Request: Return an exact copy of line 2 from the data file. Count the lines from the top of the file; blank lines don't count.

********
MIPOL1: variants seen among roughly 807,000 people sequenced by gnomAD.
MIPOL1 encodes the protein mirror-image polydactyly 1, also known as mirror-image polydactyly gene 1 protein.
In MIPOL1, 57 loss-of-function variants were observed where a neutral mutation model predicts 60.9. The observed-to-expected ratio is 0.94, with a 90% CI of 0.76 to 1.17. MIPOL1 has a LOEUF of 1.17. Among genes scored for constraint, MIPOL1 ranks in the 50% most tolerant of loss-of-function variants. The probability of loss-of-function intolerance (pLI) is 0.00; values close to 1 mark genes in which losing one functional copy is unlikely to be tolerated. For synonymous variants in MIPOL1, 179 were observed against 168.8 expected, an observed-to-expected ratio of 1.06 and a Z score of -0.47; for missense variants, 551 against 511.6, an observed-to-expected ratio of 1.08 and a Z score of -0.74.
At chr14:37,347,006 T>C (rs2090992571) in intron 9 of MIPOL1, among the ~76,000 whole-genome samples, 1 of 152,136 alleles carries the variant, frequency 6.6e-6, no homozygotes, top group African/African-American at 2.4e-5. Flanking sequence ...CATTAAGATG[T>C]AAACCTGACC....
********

MIPOL1 encodes the protein mirror-image polydactyly 1, also known as mirror-image polydactyly gene 1 protein.